Most of the challenge in digital comms comes in dealing with
distortion (both in terms of a non-flat frequency response, delay
which varies with frequency and time, multipath, and nonlinear
distortion) and non-Gaussian noise (like spikes from lightning strikes
or man-made devices).

In general, bandwidth efficiency and noise rejection are at odds with
each other. In other words, complex schemes like multi-level phase
shift keying, quadrature amplitude modulation, etc. are good at
cramming as many bits per second into a small bandwidth, but require a
high signal to noise ratio to do so. Simple bandwidth-hogging schemes
like FSK (frequency shift keying) take up at least several Hertz of BW
per bit per second, but are more tolerant of lower signal to noise
ratio.

Keeping total power fixed, and assuming that the noise is white so
that there is equal power per Hertz of bandwidth, then there comes a
point where increasing bandwidth doesn't buy you any more bits per
second. Spread spectrum modulation methods operate near this limit so
that they can achieve the greatest bit rate at the lowest signal
power.

More complex digital modulation schemes are usually employed to deal
with the "challenging" items mentioned above, like multipath.
Multipath is when you have several paths which the signal can have
from TX to RX (like the direct path plus several reflections) and they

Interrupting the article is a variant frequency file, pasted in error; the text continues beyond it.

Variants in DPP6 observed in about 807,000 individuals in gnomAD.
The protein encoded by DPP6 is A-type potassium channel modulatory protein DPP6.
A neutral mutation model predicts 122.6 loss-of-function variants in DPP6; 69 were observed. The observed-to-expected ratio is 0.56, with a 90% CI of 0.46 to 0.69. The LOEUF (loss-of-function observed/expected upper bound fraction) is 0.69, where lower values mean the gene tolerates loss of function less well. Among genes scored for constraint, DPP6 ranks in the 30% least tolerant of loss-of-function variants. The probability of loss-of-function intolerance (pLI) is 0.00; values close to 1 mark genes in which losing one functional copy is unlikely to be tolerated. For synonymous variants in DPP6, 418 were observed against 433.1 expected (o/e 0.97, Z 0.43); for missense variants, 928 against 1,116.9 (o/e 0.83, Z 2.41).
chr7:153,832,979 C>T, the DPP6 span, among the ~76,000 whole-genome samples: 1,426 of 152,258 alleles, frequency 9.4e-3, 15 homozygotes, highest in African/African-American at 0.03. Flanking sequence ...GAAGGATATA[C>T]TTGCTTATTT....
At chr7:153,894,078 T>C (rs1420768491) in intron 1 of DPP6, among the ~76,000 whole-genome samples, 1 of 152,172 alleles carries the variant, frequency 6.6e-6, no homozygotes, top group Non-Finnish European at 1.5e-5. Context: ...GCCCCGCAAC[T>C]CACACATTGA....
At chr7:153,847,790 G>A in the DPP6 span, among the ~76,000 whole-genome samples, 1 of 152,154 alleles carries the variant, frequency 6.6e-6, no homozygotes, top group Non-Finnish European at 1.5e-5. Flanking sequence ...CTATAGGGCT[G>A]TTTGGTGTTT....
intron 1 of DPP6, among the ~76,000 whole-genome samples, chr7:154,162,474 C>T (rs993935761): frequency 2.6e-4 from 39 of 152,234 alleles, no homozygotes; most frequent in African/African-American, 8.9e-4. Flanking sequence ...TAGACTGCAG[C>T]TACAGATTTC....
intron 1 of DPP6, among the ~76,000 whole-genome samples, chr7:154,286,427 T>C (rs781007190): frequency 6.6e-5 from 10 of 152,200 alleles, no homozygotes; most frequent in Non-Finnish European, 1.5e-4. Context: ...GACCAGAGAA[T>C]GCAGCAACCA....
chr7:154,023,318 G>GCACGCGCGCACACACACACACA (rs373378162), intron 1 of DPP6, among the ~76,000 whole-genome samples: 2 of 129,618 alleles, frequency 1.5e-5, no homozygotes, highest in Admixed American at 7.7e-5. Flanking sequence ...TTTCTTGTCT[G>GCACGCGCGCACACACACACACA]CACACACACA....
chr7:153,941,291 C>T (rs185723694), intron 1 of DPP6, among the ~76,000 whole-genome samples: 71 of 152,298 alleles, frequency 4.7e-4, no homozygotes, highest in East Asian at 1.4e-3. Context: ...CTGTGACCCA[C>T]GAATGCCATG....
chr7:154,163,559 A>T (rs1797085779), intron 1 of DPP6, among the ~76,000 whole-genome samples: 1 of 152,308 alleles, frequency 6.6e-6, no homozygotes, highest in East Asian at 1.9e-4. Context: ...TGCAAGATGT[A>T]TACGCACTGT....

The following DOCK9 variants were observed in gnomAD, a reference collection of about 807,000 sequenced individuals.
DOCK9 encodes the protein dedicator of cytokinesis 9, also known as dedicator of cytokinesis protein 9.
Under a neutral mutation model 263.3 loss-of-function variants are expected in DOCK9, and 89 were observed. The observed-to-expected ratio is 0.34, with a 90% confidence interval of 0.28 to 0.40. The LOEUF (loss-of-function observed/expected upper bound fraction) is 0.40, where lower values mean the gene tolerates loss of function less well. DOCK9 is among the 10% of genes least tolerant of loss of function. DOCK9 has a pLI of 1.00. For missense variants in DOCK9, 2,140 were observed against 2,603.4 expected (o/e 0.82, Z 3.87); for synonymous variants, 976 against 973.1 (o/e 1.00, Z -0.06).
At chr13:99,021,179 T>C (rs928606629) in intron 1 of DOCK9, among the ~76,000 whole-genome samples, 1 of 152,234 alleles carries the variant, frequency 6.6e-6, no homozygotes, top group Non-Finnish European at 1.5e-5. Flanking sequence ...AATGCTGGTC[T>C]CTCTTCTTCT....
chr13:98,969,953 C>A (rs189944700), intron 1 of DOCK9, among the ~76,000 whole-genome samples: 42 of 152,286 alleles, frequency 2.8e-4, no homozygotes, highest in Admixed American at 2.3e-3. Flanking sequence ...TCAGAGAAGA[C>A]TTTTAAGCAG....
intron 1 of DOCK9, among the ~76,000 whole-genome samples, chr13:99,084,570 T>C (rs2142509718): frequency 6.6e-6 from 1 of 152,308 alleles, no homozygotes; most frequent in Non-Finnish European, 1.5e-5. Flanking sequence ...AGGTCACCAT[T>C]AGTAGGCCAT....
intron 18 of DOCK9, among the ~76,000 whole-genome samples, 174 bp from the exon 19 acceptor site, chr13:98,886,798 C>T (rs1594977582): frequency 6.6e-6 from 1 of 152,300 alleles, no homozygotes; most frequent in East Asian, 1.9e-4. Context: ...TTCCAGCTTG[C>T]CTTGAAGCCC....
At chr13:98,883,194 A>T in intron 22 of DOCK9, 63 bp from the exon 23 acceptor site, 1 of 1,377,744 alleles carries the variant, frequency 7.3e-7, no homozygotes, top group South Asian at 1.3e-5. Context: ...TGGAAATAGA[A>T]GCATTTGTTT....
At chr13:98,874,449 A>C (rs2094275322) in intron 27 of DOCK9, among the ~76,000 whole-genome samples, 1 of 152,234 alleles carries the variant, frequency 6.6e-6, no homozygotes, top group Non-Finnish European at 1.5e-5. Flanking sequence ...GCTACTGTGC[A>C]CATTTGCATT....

arrive out of phase with each other, distorting the signal. The lower
the symbol rate (the fewer changes per time in the signal), the less
effect multipath will have, so schemes which work well in multipath
often use parallel channels, like several different relatively slow
FSK channels close together which, combined, give a respectable bit
rate.

It is interesting to note that all modulation schemes which approach
the Shannon-Hartley limit for bitrate per signal strength sound pretty
much like white noise (QAM, OFDM, and CDMA/DSSS are three prominent
examples).

Sean


On Tue, Jun 24, 2008 at 7:36 PM, Zachary Noyes <.....znoyesKILLspamspam@spam@gmail.com> wrote:
{Quote hidden}

> -

2008\06\25@043222 by Dario Greggio

face picon face
Sean Breheny wrote:

> [...]
> It is interesting to note that all modulation schemes which approach
> the Shannon-Hartley limit for bitrate per signal strength sound pretty